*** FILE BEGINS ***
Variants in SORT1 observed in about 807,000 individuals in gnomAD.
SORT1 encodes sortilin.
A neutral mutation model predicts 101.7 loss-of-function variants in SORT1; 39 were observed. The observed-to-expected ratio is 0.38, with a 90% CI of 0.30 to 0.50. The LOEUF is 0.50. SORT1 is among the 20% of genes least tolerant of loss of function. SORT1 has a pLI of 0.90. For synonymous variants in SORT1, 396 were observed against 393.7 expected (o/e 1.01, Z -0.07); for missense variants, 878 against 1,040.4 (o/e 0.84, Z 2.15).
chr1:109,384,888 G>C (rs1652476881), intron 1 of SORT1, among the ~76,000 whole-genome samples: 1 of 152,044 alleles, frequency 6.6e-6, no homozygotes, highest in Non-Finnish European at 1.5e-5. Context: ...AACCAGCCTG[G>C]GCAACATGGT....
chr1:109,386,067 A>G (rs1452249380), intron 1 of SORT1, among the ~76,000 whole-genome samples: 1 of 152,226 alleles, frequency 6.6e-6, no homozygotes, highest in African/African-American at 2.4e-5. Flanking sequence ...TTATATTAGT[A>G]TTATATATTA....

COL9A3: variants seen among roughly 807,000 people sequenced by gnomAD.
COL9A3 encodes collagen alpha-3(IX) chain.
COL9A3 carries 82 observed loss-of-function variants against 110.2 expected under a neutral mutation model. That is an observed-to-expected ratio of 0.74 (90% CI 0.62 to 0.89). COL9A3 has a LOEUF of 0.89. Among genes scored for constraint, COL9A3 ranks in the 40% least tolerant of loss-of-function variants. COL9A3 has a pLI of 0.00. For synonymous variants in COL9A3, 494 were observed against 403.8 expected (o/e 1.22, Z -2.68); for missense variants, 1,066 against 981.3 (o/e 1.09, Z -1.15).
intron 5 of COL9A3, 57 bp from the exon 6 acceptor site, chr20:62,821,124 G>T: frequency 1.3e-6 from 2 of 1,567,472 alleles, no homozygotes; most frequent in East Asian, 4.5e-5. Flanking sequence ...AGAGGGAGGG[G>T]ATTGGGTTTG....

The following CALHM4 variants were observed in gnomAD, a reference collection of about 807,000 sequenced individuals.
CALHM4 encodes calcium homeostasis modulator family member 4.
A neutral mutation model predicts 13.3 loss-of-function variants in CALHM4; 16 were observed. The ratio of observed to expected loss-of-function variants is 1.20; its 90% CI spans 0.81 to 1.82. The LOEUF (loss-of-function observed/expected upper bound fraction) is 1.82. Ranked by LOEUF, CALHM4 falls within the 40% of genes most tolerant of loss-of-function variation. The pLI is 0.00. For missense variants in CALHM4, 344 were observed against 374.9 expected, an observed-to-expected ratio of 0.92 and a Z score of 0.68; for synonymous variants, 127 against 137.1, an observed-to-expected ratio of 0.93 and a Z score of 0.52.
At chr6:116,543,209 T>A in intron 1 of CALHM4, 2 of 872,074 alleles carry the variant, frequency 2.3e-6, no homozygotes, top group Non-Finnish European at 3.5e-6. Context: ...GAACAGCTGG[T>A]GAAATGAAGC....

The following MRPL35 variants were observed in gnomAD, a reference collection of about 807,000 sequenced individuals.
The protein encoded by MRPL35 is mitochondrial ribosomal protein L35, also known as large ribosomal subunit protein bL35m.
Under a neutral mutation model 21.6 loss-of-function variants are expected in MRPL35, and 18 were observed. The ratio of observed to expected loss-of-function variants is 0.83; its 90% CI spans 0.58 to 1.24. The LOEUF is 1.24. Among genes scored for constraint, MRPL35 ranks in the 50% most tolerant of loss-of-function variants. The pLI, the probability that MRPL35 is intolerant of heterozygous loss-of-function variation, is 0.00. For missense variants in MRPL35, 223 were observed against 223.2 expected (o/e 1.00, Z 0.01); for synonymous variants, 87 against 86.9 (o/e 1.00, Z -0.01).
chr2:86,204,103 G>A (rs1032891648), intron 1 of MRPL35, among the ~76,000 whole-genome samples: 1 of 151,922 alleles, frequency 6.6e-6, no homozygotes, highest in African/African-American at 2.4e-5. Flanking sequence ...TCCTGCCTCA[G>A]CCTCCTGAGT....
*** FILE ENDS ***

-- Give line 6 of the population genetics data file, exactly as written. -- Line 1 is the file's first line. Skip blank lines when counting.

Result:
COL9A3: variants seen among roughly 807,000 people sequenced by gnomAD.